Halligan was on Newsnight yesterday, and pretty angry about the economy and government etc

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  • uncle tom: I get my data from the EIA (Energy Information Administration). They forecast a 1.2 million b/d drop in 2009. If you do a Google search on falling oil consumption, you’ll find a few hundred items. Worldwide factory closures and slow downs are the culprit.

    Also put these words into a Google search: “The pressure on companies to understate reserves by the analyst community has created a gross misunderstanding of how much oil …”

    Google search “oil reserves understated” will also come up with several articles.

    Peak oil is a theory that ignores the unknowable and new discovery and extraction technologies. It might be true but no one can be sure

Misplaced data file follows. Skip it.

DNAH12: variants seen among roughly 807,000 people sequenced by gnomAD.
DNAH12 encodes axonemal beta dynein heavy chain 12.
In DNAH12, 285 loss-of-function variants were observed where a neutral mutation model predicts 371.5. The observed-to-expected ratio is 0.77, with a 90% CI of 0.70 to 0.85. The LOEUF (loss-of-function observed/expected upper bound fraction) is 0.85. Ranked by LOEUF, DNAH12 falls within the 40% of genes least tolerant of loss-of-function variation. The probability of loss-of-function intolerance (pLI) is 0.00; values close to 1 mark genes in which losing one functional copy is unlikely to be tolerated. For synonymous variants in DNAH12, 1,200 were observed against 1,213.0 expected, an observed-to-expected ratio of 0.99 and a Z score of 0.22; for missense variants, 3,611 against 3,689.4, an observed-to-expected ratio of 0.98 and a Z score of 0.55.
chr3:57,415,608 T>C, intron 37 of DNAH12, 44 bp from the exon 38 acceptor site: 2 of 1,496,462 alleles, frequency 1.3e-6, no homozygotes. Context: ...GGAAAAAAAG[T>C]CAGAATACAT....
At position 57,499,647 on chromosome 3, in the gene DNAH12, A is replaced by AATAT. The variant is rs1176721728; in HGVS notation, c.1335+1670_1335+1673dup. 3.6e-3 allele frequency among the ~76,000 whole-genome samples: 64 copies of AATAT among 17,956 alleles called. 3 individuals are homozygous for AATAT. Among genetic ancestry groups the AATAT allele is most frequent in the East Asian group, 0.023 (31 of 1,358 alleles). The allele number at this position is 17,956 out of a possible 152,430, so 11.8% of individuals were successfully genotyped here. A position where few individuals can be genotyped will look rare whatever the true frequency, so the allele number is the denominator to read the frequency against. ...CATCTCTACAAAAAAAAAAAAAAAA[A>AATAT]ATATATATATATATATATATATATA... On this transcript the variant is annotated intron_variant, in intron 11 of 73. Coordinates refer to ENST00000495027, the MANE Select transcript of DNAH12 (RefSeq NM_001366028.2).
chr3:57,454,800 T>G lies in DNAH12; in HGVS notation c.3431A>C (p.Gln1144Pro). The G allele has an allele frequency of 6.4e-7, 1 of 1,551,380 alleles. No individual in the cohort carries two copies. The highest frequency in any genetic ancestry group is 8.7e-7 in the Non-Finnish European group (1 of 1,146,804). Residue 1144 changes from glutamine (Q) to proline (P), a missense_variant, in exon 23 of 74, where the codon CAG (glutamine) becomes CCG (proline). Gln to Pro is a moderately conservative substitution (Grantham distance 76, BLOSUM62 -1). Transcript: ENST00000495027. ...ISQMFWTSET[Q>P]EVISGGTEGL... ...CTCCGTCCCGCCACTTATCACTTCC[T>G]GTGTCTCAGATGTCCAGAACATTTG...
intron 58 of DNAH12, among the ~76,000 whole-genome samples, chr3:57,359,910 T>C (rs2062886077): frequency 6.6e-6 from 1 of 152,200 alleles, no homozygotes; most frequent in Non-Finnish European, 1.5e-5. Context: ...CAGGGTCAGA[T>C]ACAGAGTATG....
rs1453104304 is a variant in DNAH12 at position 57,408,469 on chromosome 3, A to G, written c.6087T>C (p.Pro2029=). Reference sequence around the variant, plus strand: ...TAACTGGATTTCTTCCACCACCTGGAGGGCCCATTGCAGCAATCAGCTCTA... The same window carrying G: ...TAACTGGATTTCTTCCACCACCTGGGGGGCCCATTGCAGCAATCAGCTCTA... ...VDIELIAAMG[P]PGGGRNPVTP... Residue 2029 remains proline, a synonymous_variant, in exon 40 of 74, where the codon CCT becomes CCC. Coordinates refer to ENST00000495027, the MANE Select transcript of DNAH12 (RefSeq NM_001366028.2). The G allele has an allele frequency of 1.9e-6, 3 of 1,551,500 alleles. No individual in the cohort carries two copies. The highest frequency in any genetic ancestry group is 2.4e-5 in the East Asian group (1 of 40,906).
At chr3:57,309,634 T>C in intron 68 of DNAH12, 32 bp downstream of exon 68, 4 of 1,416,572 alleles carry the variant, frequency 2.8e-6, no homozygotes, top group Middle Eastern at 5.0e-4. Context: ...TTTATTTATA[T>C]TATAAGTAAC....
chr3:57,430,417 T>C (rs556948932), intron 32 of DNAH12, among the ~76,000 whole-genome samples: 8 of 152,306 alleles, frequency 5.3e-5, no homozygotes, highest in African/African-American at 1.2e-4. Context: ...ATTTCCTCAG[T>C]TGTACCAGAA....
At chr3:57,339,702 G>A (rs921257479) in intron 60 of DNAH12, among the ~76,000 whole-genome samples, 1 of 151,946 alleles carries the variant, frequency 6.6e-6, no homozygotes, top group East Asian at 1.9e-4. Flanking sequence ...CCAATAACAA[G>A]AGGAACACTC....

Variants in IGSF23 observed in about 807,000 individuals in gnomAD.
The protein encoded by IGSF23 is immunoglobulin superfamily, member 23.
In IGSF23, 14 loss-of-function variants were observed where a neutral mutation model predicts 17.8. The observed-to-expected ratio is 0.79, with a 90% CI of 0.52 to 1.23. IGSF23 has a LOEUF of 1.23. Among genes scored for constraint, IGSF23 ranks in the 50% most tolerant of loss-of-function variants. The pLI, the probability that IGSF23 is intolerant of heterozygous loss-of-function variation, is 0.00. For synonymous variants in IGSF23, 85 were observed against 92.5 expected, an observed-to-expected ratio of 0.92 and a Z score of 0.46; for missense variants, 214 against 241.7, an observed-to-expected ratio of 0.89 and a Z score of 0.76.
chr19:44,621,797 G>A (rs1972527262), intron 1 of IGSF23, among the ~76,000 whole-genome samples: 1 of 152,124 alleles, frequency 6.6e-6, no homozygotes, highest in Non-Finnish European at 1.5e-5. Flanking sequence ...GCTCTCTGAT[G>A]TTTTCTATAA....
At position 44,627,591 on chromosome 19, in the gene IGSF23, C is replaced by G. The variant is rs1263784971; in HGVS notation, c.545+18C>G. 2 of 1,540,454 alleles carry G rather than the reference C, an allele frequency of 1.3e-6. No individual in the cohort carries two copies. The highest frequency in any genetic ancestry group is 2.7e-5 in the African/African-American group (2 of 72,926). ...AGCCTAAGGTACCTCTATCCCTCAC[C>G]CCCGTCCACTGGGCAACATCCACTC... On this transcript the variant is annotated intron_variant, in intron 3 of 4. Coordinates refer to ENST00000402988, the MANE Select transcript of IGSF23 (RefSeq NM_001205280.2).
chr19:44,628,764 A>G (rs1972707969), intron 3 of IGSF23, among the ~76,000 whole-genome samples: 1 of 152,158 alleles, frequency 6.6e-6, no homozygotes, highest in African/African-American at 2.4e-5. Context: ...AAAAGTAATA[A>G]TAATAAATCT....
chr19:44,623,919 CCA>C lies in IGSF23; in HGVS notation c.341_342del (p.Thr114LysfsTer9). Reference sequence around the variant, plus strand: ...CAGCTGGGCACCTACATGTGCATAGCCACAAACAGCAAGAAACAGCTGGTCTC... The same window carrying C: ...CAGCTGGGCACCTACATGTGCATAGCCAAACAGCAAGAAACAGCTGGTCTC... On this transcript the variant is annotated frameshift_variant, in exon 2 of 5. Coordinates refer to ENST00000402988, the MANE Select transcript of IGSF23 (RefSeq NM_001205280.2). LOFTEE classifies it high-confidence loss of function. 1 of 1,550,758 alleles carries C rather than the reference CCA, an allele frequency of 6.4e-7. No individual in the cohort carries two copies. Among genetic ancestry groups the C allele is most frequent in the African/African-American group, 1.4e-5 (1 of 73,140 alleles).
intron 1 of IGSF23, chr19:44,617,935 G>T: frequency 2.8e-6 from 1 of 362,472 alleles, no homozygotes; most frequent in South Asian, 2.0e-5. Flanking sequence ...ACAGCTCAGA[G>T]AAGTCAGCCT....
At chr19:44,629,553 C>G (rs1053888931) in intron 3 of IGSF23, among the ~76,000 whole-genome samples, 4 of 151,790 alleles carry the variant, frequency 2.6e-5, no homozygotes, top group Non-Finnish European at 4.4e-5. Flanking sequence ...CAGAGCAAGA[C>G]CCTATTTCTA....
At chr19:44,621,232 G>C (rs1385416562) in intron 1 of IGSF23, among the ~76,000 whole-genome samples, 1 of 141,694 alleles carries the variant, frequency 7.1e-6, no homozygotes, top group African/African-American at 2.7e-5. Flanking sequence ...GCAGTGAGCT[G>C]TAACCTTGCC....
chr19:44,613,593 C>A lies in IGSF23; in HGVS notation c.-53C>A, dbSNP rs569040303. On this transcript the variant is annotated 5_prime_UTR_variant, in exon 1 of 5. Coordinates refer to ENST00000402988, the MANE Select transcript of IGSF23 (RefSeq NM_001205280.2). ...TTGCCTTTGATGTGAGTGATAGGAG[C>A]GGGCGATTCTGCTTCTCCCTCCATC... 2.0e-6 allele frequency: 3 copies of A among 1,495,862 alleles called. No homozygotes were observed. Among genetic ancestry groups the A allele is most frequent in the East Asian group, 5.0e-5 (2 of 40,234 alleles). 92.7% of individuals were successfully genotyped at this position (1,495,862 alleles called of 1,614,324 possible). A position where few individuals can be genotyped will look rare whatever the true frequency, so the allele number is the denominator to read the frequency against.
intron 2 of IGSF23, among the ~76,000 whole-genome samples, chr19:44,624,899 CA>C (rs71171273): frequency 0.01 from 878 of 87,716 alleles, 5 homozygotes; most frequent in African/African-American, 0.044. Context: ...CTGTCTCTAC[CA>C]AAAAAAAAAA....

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  • Hi all, to add my two penneth to the oil price / inflation discussions the oil price has been in strong contango ever since the plummet last year. Pls take it from someone in the industry that the reality of today is that the reduced global demand and low price scenario has shaken out a number of players and written off alternative oil supplies (look at the impact of <$90/bbl to Canada's plans and their FX). Furthermore it's impacted the investment in alternative energy as a result of the plummet in CO2 value, whilst this is temporary I'd say that defining investment in alternative energy as "exponential" is slightly optimistic... Call me old fashioned but surely the threat of inflation has to be bad for potential buyers (such as myself). Given the current trends I do no link inflation with a rise in house prices but rather an increase in potential ownership costs hence tempering my enthusiasm to own...